Depowering sails - when reefed main and smallest jib aren't enough, what next? - SailNet Community

   Search Sailnet:

 forums  store  


Quick Menu
Forums           
Articles          
Galleries        
Boat Reviews  
Classifieds     
Search SailNet 
Boat Search (new)

Shop the
SailNet Store
Anchor Locker
Boatbuilding & Repair
Charts
Clothing
Electrical
Electronics
Engine
Hatches and Portlights
Interior And Galley
Maintenance
Marine Electronics
Navigation
Other Items
Plumbing and Pumps
Rigging
Safety
Sailing Hardware
Trailer & Watersports
Clearance Items

Advertise Here






Go Back   SailNet Community > Skills and Seamanship > Learning to Sail
 Not a Member? 


Reply
 
LinkBack Thread Tools
  #1  
Old 04-13-2011
Member
 
Join Date: Jan 2011
Posts: 53
Thanks: 0
Thanked 0 Times in 0 Posts
Rep Power: 4
Stearmandriver is on a distinguished road
Depowering sails - when reefed main and smallest jib aren't enough, what next?

Hi all,

Great forum you have here. My father and I are teaching ourselves (well, being taught by lots of books) aboard a C27 in Puget Sound (well, we haven't actually left Sinclair Inlet yet ). We've already found much useful info in here.

I have a question I was hoping folks could chime in on though: like the subject says, what comes next when a reefed main and the smallest headsail you have are still overpowered? Obviously we have to drop a sail, but I'm wondering which one is recommended and why?

I'm guessing it may depend on the point of sail? I don't think this particular boat will point very well at ALL with just the jib up; even with a reefed main and the 110 jib, lee helm is pronounced when near the wind, and tacking is almost difficult. (Guess we have to get the roller furler working so we can "reef" the jib and rebalance things... or get a smaller jib lol).

SO: drop the main or drop the jib? One or the other depending on point of sail, or always stick with one or the other regardless of wind direction? And why?

Lastly, less you think we're getting far over our heads too quickly - when I say the reefed-main-and-small-jib sailplan is "overpowered", I mean that for our purposes. I'm sure most of you would be comfortable sailing the boat rigged that way, in the 15-20kt max winds we're trying to hold ourselves to. We haven't dipped a rail in the water yet. But we've typically got two admirals on board who wouldn't dig that at all, and we're just trying to be conservative as we learn.

Thanks much for all input, and feel free to harshly criticize me if I'm missing a basic tenet here.

Joe
Reply With Quote Share with Facebook
  #2  
Old 04-13-2011
Grendler's Avatar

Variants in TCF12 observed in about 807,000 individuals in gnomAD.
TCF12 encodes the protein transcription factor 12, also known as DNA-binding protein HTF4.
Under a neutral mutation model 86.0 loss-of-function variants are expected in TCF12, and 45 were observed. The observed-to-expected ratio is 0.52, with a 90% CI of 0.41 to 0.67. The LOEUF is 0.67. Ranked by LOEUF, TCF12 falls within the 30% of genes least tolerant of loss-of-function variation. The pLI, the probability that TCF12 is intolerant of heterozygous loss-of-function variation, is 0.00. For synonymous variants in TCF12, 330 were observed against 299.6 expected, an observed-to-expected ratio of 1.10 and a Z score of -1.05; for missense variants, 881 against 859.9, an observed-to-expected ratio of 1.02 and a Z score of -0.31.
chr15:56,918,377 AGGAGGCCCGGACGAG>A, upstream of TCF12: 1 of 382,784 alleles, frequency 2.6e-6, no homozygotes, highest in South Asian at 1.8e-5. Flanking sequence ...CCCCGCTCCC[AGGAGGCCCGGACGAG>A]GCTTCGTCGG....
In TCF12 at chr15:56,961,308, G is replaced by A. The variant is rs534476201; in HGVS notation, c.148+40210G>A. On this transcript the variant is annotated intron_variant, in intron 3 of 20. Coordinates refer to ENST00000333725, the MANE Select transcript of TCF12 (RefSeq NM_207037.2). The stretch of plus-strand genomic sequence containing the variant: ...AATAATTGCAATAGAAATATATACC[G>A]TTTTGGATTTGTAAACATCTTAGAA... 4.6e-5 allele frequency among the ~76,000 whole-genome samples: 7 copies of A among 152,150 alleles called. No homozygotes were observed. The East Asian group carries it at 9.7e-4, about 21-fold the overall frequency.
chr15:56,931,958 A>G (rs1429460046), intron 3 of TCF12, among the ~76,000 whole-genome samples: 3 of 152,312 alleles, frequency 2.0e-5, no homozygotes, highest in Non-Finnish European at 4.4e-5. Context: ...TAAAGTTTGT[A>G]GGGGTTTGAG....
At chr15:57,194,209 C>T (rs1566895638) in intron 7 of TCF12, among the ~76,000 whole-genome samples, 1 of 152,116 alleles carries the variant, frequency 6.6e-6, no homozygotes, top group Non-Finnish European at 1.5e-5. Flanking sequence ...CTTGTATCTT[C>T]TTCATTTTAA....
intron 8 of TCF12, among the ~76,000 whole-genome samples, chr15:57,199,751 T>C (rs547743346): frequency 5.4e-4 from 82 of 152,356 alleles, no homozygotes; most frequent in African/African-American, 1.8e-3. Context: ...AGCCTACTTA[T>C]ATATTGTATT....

Junior Member
 
Join Date: Mar 2011
Posts: 12
Thanks: 0
Thanked 0 Times in 0 Posts
Rep Power: 0
Grendler is on a distinguished road
Quote:
Originally Posted by Stearmandriver View Post
Hi all,

I have a question I was hoping folks could chime in on though: like the subject says, what comes next when a reefed main and the smallest headsail you have are still overpowered? Obviously we have to drop a sail, but I'm wondering which one is recommended and why?

SO: drop the main or drop the jib? One or the other depending on point of sail, or always stick with one or the other regardless of wind direction? And why?

Joe
Sailing downwind (>130deg off) on modern boats e.g Beneteau 47, Bavaria 49 in winds above 25-30kt I usually do without the main. I reduce the genoa area to maintain the log speed of max 8 kt (GPS shows up to 10kt).

Sailing upwind in those conditions is minimum jib (even 30sq ft) just to keep the balance and deeply reefed main.


My general rule of reducing the sails:

1. Keep heeling reasonable.
Reduce both sails appropriately to avoid more than 25-30 degrees heel.

2. Keep the boat self-steering (balanced between lee and windward) by trimming both sails and balancing sail area. Jib/forward sails generally have a lee effect and the main/mizzen windward effect.

Waves affect that balance of course. Seaworthy boat should stay, in my opinion, balanced on course (almost no work needed at helm) on 4-5ft waves.

Hope it gives some insight.

Grendler
Reply With Quote Share with Facebook
  #3  
Old 04-13-2011
Ilenart's Avatar
Senior Member
 
Join Date: Jul 2007
Location: West Australia
Posts: 507
Thanks: 0
Thanked 1 Time in 1 Post
Rep Power: 8
Ilenart is on a distinguished road
If I'm heading downwind and getting overpowered I would generally drop the main and rely on a partially furled genoa, or a smaller jib flying off a inner forestay. Most yachts would be better balanced heading downwind with a jib / genoa.